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Community and Q&A

Looking for help on a wall system

415irwin | Posted in Energy Efficiency and Durability on

We are building north of Ottawa, which is zone 6a (I think). Pretty chilly in the winter. We have been given a good quote to frame up our house with typical 2×6 framing, so would like to go ahead with it. The wall system we are thinking of for insulation would be, from outside to inside:

Wood siding
Tyvek over Plywood sheating (taped, sealed)
cellulose or roxul in a 12 inch space
tyvek (taped and sealed)

Although I would prefer that the sheathing be on the warm side of the wall and function as our air barrier, I don’t see how we can do this. We are a little concerned about the sheathing absorbing moisture but I understand that it can dry out too. We don’t want to wrap the house in foam so I guess we will have to just hope the sheathing holds up.
Does this wall sound like a good system?

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  1. GBA Editor
    Martin Holladay | | #1

    If you provide ventilation openings at the bottom and top of your rainscreen gap, you're good to go. This is a fairly standard double-stud wall, and it should perform well.

    The use of interior Tyvek is a little unusual, of course. Your cellulose installer will probably suggest a different fabric -- something like InsulWeb. Remember, you can always create an interior air barrier with your drywall layer.

  2. 415irwin | | #2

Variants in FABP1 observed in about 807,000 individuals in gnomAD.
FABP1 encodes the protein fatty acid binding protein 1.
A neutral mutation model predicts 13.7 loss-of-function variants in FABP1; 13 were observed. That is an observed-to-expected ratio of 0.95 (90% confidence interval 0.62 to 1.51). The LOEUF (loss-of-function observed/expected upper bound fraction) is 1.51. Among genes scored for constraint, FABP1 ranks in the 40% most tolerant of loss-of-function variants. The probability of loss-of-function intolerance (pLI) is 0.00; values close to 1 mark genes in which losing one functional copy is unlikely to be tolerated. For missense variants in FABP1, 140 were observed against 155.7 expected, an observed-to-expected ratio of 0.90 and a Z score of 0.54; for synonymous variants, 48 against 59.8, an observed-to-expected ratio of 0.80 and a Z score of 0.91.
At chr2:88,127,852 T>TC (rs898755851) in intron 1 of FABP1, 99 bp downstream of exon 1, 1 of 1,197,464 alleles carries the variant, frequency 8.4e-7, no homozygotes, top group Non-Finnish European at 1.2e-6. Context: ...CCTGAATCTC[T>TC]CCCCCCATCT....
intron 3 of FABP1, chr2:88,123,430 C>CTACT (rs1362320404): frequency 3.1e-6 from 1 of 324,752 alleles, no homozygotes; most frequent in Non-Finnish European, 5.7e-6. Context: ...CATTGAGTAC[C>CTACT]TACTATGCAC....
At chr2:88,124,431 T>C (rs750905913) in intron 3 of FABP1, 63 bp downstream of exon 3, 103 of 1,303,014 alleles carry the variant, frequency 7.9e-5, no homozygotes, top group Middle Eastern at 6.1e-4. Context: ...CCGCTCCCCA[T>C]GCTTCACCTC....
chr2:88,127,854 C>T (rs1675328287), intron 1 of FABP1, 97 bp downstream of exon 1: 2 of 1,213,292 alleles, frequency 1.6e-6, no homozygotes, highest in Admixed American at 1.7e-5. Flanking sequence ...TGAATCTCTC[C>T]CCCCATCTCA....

Thanks Martin.
    I have often wondered about punctures in the drywall (i.e. hanging pictures) allowing mass flow of air and vapor into the wall with the airtight drywall approach.
    Would you recommend using the sheathing as the air barrier? We are also considering applying roxul over the sheathing (3.5" at r-14) to ensure that it stays warm.

  3. GBA Editor
    Martin Holladay | | #3

    One air barrier is good (for example, at the sheathing layer). Two air barriers are even better (for example, at the sheathing and drywall layers).

    I don't think a small nail in the drywall used to hold up a picture on the wall will create a significant air leakage path, especially if the nail stays in the hole. Once you move the picture to a new spot, you'll probably repair the area with spackle anyway, sealing the hole.

  4. 415irwin | | #4

    Would you recommend not using the interior Tyvek ?

  5. GBA Editor
    Martin Holladay | | #5

    Assuming that you are insulating with cellulose, as I recommend you do, you need to coordinate the decision with your cellulose contractor. Most cellulose contractors like to use an air-permeable fabric like InsulWeb because it allows air to escape from the stud cavities when cellulose is blown in.

    Once you have an insulation plan, you can decide how to install an interior air barrier. Options include:
    - OSB + service cavity (nice, but expensive);
    - A European air-barrier membrane like Pro Clima DB+ or Siga Majpell 5;
    - An American air-barrier material like MemBrain;
    - Airtight drywall, following the methods of the Airtight Drywall Approach.

  6. 415irwin | | #6

    Thanks again for your responses.
    Given that we would prefer not to apply foam to the outside of the sheating, do you think that we should put roxul board (comfort board?) on the outside of the sheating to ensure it stays warm and dry? Or in your opinion can we risk not taking this step?

  7. GBA Editor
    Martin Holladay | | #7

    As I wrote in my first response, "If you provide ventilation openings at the bottom and top of your rainscreen gap, you're good to go." I don't think exterior Roxul is necessary.

  8. 415irwin | | #8

    ok great. thanks again!

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